Samsung Note 20 Ultra: All the phone you need in one nice package
Tech Tools: Eye-popping display, great camera and plenty of power – this Note’s for you
Samsung Galaxy Note 20 Ultra: Pricey, but one of the best Android handsets around – for now. Photograph: iStock
Product name: Samsung Note 20 5G
Where to buy: www.samsung.com
There are some things that are relatively predictable in the tech world. One of them is that there is always a new iPhone in the autumn; and before that, there will always be a Note. Even in a pandemic, it seems that Samsung is determined to stick to that tradition.
The Note 20 Ultra is exactly what we’ve come to expect from Samsung: large, eye-popping display, great camera, the hidden stylus, and plenty of power to call on when you need it. It is all the phone you need, even if it doesn’t come with the smallest of price tags.
Samsung always does well with its phone displays. The Note 20 Ultra is no exception. The 6.9-inch Amoled display is crisp and has exceptional colour. Capable of wide quad HD resolution, the default setting is for full HD+, with the option of 60Hz or 120Hz for smoother scrolling. But you have to choose between WQHD or the 120Hz rate; both can’t work together. The 120Hz rate will also have an impact on your battery life, so it’s worth considering if you need it – or indeed the WQHD resolution at all.
On the inside, the phone comes with 256GB of storage space, and 12GB of RAM. For reference, that is more than the laptop that I’m currently writing this on, which has 8GB RAM. The Ultra also has an octa-core chip inside that runs everything smoothly and without stutters.
It’s all encased in a very nice package. Samsung has ditched the high-gloss back for something a little more matt. That means no fingerprints, or at least fewer of them, although it’s not any easier to keep hold of.
The one thing is the camera. That camera bump on the back is prominent. Very prominent. If you wanted something with sleeker lines, the Note 20 Ultra may not be the phone for you in that respect. But before you discount it out of hand for its aesthetic choices, bear in mind that you will notice the bump a lot less when you put a case on it. And, let’s be honest about it, most people will, because at the price it costs, you don’t want anything damaging it. I haven’t had a phone without a heavy duty case on it for about five years now and, as phones get more and more expensive, I don’t see that choice changing.
It is a shame to cover up the rest of the phone, though, as – camera bump aside – it really is a nice phone. The review unit we got was “Mystic Bronze” (or just bronze to the rest of us) and it’s an eye-catching handset.
But looks aren’t everything and, thankfully, Samsung delivers on the substance too. The camera is fantastic, with Samsung’s ultra-zoom capabilities, a 10-megapixel front-facing camera and a triple camera set-up on the back that comprises 108-megapixel, 12-megapixel and 12-megapixel. Optical zoom-wise, you get 5x magnification, which will get you reasonably close to your subject without loss of quality.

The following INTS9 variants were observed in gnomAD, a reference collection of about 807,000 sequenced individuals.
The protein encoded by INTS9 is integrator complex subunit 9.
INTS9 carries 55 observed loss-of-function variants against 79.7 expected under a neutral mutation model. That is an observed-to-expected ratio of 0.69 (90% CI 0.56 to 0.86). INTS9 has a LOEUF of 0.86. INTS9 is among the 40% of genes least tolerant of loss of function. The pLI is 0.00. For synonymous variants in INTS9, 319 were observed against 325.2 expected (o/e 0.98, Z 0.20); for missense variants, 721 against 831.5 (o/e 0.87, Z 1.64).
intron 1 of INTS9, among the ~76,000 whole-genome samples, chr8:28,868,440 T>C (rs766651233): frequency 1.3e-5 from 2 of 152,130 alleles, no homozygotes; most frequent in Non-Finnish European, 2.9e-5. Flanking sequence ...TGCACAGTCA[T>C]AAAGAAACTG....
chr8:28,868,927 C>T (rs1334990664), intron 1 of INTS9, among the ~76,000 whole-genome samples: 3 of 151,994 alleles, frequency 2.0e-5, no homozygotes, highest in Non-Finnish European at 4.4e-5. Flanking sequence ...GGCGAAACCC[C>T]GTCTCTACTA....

The space zoom on the Ultra gives you 50x magnification, but it is worth bearing in mind that this is digital zoom, so it won’t be as high quality when you push the camera to its full zoom potential. The 100x zoom that was included with the Galaxy S20 Ultra isn’t missed here, though, as the 50x produces more usable images.
The other thing to bear in mind is that, like the Samsung Galaxy 20 Ultra, that level of zoom will require more than a steady hand if you want to avoid the shake; it will need a tripod to get a shot that won’t feature a considerable amount of shake. It performed much better at lower zoom levels, such as 20x.
On the video front, the Note 20 Ultra has the ability to shoot in 8K, with the handset offering you more than enough screen and power to edit the footage afterwards.
However, there is still a bit of obvious processing on the photos, even when they are taken without the zoom capabilities. The textures are smoothed a little too much to look natural.
The Note is expected to be more of a workhorse, though, and Samsung has built in some technology to ease that particular path. The S Pen gets more air gestures this time, and there is also more integration with Microsoft’s software. Samsung’s Dex allows you to connect to a display wirelessly, giving you a PC-style experience, while still letting you use your phone. Your phone can also double up as a trackpad.
The display is one of the best things about the Note 20 Ultra. It’s crisp, it’s clear, and with the 120hz mode enabled, everything is just that little bit smoother. Ditto with the camera, and you don’t lose anything for ditching the 100x zoom, especially with the inclusion of laser autofocus. The shots at 50x are usable, if not always perfect.
The expansion of the S Pen’s gestures is always welcome, even if you’re likely to stick to the same ones you have come to trust over the years.
The camera may have some improvements thanks to the laser autofocus, but your images sometimes get that over-processed look.
The Note 20 Ultra is 5G compatible, so when your network finally offers it in your area, you will be able to take advantage of the upgrade.
Pricey, but the Note 20 Ultra is one of the best Android handsets around – for now.